Contract signed for Drakelow EfW plant

Energy company Vital Energi has signed a contract to develop a new energy-from-waste (EfW) plant in Drakelow, near Burton upon Trent.

A 3D image of the Drakelow plant

Scheduled for completion by 2023, the new plant is set to generate 18 megawatts of electricity (MWe) from 169,000 tonnes of refuse derived fuel (RDF) each year.

The Vital Energi team, which has already designed the EfW plant, will now be overseeing the building, ownership and operation of the facility on land leased to the company on a 30-year concession by energy company EON..

Ashley Malin, Vital Energi’s Project Development Director, explained: “The UK faces many environmental challenges and this facility is an exciting opportunity to reduce carbon emissions and divert waste from landfill. We are extremely excited to be delivering and operating this facility, which will make a positive contribution to the UK’s low-carbon infrastructure.

“We have worked with a team of industry experts in the EfW sector to bring this project to market and we would like to thank them for their contributions to deliver a major project.”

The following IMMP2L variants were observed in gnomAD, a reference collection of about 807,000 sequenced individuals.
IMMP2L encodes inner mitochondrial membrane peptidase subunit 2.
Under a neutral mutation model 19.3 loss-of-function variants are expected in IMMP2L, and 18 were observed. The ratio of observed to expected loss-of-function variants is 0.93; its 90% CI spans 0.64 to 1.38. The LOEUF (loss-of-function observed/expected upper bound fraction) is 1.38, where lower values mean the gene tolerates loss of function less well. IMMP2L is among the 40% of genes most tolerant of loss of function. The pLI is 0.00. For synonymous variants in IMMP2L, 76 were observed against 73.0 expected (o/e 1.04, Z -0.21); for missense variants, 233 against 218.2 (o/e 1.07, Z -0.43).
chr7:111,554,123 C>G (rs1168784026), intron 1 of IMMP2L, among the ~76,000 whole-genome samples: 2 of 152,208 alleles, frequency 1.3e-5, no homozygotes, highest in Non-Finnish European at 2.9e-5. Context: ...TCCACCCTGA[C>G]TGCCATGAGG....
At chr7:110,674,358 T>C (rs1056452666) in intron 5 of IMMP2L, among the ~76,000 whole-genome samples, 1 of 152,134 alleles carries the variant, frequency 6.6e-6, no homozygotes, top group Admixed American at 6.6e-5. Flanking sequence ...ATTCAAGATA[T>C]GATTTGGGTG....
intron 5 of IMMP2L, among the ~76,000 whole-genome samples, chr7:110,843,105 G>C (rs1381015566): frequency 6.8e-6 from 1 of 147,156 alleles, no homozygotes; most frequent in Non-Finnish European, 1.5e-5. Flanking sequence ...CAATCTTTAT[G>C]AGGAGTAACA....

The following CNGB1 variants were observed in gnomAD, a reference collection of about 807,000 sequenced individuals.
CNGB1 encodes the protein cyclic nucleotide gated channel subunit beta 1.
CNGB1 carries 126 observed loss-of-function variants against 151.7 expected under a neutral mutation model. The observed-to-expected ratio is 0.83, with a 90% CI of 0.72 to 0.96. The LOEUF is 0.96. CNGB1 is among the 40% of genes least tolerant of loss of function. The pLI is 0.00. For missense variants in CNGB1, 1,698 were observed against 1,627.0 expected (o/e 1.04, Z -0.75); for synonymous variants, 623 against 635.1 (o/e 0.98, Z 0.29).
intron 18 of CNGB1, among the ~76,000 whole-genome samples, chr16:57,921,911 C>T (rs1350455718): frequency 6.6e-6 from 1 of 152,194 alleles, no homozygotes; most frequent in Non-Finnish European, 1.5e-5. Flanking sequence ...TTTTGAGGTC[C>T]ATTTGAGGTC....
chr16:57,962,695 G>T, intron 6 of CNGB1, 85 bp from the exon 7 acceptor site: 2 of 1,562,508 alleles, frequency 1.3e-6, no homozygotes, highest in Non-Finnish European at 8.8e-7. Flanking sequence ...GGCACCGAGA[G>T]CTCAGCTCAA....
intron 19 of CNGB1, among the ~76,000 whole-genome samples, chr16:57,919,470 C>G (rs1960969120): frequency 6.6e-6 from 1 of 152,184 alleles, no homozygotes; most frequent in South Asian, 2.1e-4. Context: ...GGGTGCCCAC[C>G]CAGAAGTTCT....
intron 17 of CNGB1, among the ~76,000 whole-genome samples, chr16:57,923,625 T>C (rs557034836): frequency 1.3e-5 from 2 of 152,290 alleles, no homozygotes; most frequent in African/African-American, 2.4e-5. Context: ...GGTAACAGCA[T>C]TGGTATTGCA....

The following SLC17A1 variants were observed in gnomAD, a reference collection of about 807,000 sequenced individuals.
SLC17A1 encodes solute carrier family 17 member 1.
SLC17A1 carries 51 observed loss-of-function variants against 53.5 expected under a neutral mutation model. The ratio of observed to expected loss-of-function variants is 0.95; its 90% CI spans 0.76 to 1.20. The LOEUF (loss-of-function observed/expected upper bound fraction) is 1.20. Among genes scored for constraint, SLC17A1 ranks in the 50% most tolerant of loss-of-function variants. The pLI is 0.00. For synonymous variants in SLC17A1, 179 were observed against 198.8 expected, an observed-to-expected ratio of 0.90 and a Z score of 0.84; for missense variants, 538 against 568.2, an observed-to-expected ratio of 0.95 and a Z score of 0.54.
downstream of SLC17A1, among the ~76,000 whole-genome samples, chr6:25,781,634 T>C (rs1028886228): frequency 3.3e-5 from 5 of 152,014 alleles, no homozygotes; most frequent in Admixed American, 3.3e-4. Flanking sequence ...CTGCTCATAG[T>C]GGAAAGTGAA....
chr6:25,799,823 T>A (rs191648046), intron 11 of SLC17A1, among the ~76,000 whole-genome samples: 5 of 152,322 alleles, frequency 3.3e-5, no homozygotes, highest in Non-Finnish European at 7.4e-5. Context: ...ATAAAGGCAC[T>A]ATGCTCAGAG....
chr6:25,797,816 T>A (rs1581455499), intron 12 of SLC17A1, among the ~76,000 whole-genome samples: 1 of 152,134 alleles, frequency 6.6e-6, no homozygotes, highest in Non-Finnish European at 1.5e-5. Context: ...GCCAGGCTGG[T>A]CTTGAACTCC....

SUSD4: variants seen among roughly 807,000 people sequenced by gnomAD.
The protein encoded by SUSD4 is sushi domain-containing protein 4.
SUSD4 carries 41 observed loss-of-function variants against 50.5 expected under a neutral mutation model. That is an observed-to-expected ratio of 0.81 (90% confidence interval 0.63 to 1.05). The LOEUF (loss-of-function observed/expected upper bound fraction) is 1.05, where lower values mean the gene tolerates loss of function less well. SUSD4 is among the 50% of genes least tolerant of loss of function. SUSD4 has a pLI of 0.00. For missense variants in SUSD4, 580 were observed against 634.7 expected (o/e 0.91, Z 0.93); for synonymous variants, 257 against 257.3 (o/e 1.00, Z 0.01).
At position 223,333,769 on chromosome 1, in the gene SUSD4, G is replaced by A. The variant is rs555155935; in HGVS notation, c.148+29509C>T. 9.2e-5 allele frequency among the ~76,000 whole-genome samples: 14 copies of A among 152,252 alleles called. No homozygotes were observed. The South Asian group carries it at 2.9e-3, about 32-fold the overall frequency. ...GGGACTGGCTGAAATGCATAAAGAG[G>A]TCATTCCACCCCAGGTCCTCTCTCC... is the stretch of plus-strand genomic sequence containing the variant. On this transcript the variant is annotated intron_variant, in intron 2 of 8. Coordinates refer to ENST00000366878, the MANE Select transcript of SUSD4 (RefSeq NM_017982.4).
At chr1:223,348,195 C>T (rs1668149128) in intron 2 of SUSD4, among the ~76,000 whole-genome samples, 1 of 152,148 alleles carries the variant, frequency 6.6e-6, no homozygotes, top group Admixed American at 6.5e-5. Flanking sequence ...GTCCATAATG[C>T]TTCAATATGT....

Vital Energi has received support from a number of companies and stakeholders, including Squire Patton Boggs, which provided legal support and technical adviser Royal Haskoning, which will act as the Owner’s Engineer. Original planning permission had been procured by Future Earth Energy (FEE), while Beauparc Group has been awarded the fuel agreement to supply RDF to the Drakelow plant.

Domestic infrastructure

As the Netherlands prepares to impose an import tax of €32 per tonne of foreign RDF, the UK is looking to process more waste domestically to avoid the increasing cost of exports, boosting UK infrastructure with new EfW plants such as Drakelow and Javelin Park in Gloucester.

With markets continuing to tighten, exports of RDF fell by 15.7 per cent in 2019 – a reflection of increasing uncertainties, to which Brexit remains a key contributing factor. Although the government had confirmed in early 2019 that 100 per cent of the UK’s notified waste shipments to the EU would be maintained in the event of a ‘no deal’ Brexit, former Environment Secretary Michael Gove warned on Monday (10 February) that trade barriers and checks will be imposed at the end of the Brexit transition period on 1 January 2021. This is expected to result in delays at container ports, which, combined with the rising costs of exports, could place considerable pressure on domestic residual capacity. 

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